For families or individuals with a voucher, there are six steps to participation in the Housing
Choice Voucher Program. They are:

   1.   Applicants screening (approval or denial)
   2.   Issuance of voucher
   3.   Housing Search
   4.   Housing Quality Standards (HQS) Inspection
   5.   Rent Reasonableness Determination
   6.   Execution of Lease and HAP Contract
   7.   Rent & Housing Assistance Payments begin

Property owners and managers become involved at the second stage of the program—when the
family with a voucher schedules an appointment to view an apartment or house for rent. If you
wish, the Ann Arbor Housing Commission will give your name and general information about the
rental unit(s) to families who have been issued a voucher. Any interested families will then
contact you for an appointment to see your housing unit. The Ann Arbor Housing Commission
will not steer families to specific owners or rental units, but we will furnish families with
information on units that are available.

If the tenant likes the unit and also passes the owner’s screening process, the owner will submit a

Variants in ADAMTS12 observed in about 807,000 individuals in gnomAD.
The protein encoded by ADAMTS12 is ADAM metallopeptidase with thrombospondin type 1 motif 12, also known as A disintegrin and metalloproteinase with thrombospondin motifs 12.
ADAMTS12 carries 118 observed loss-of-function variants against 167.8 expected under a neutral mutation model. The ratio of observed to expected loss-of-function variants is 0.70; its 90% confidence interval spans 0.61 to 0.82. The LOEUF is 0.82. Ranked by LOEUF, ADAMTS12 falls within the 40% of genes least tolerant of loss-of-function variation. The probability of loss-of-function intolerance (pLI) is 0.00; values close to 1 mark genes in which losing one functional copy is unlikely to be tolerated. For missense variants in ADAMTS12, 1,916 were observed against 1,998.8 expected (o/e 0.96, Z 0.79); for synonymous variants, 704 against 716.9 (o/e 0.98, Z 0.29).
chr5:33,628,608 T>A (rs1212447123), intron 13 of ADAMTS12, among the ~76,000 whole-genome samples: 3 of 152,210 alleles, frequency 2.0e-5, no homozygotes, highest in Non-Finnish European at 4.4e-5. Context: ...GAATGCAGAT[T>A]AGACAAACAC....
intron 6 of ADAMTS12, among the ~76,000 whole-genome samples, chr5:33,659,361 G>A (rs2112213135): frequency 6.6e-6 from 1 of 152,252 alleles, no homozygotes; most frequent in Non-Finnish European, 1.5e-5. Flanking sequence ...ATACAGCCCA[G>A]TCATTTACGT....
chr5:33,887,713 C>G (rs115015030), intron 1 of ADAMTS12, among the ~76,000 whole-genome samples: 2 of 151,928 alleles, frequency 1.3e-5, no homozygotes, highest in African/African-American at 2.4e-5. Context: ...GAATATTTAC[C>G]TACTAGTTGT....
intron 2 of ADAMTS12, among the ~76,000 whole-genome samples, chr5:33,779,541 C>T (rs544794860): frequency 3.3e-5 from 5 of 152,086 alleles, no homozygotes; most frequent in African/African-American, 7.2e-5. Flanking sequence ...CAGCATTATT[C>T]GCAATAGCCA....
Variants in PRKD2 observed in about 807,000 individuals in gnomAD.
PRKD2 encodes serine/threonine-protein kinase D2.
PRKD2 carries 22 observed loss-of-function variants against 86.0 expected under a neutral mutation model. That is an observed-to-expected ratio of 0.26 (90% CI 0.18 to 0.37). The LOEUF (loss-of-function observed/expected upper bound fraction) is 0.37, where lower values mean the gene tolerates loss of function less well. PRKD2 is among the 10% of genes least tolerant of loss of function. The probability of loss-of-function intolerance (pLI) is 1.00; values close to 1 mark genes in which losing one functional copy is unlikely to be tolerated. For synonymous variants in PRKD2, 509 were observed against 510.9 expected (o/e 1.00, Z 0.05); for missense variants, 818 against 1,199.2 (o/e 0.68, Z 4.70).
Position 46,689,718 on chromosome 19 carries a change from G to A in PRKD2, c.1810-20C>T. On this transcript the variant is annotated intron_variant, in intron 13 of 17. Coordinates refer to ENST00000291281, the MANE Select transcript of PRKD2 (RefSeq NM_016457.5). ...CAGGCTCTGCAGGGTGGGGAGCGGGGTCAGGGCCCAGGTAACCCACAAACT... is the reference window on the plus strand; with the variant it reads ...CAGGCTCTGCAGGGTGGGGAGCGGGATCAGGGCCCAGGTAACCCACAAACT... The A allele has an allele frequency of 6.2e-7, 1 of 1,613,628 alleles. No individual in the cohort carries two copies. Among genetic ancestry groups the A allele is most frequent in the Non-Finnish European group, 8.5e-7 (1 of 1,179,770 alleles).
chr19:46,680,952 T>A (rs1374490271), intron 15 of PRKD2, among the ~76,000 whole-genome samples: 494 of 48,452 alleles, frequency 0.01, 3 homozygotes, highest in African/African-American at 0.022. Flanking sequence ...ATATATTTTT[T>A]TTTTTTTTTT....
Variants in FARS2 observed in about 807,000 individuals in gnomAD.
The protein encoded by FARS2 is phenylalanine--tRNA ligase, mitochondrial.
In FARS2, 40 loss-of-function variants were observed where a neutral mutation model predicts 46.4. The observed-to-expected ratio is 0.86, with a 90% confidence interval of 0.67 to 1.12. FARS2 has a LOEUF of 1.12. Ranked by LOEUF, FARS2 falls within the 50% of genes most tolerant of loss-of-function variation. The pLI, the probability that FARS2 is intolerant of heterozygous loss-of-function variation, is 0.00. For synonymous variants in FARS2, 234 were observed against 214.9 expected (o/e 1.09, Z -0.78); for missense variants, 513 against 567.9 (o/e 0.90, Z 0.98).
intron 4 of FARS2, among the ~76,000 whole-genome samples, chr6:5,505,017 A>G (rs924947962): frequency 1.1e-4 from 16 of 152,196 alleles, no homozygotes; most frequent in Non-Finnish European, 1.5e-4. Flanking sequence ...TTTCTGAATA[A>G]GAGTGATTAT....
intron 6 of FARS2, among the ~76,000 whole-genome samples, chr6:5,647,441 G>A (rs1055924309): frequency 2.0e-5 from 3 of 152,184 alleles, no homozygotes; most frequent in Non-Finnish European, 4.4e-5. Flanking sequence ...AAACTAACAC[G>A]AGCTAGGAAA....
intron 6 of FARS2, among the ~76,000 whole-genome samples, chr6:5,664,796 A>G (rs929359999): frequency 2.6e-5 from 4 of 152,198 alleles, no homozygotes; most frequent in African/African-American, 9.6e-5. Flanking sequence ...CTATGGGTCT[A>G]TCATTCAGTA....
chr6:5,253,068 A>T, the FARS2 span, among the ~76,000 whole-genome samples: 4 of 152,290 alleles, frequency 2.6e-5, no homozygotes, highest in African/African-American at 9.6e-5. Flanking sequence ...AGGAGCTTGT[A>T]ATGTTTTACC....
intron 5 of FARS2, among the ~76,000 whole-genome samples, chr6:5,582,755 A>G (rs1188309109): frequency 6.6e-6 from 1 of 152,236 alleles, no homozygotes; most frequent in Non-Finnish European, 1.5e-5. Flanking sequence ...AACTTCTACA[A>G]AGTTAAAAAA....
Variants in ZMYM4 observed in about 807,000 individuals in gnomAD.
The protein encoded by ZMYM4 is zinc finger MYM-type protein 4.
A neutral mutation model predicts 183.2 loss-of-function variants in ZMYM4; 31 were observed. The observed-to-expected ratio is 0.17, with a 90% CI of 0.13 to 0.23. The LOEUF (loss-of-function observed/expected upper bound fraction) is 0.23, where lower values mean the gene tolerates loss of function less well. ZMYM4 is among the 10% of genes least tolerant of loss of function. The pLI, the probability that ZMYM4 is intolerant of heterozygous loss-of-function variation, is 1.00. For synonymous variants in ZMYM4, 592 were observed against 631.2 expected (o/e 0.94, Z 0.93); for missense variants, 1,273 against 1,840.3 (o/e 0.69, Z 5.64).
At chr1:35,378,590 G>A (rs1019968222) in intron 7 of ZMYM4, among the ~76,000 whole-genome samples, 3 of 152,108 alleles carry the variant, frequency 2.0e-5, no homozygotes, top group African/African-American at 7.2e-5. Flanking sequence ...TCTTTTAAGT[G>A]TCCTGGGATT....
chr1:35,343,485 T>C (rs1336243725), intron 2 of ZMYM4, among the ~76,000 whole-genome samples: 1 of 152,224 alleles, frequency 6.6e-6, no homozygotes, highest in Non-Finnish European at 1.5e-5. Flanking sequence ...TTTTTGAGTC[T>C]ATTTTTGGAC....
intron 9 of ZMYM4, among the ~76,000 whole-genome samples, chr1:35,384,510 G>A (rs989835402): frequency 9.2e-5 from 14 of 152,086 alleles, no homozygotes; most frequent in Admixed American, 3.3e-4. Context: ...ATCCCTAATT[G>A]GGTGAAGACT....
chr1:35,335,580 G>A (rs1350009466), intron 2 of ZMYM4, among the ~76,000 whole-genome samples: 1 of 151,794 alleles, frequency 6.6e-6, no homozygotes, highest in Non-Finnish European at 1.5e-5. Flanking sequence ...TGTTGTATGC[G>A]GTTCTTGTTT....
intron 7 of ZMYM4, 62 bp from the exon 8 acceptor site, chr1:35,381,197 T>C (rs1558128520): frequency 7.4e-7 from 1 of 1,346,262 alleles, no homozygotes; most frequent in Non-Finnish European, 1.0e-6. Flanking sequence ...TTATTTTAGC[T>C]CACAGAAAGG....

Request For Inspection or RFI form to AAHC. Ann Arbor Housing Commission will contact the
owner to schedule a Housing Quality Standards (HQS) Inspection.

The inspection process is designed to ensure that subsidized housing meets a
minimum set of health and safety standards established by the federal
government. Generally, the inspection is scheduled within 3 days of the date that
the owner indicates the unit will be ready.

After the unit passes inspection, the rent requested by the owner is reviewed to
make sure that it is reasonable, compared to similar units in the neighborhood
based on size, amenities and other factors. At this point, the tenant is ready to move in. The owner
may collect a security deposit of up to one and one half months rent (per State of Michigan
Security Deposit Statute). The owner will sign a lease with the tenant and a Housing Assistance
Payment or HAP contract with AAHC.

                                                Page 5
                                                                                       Rev. M. Jenkins
                                                                                             Jan. 2008
The Ann Arbor Housing Commission does not require landlords to sign a model lease; all
landlords must use their own standard lease when renting to Section 8 families. The lease must
specify all of the following:

              Name of the owner
              Name of the tenant
              Unit rented (address, apartment number and any other information to identify the
              Term of the lease (initial term and provisions for renewal)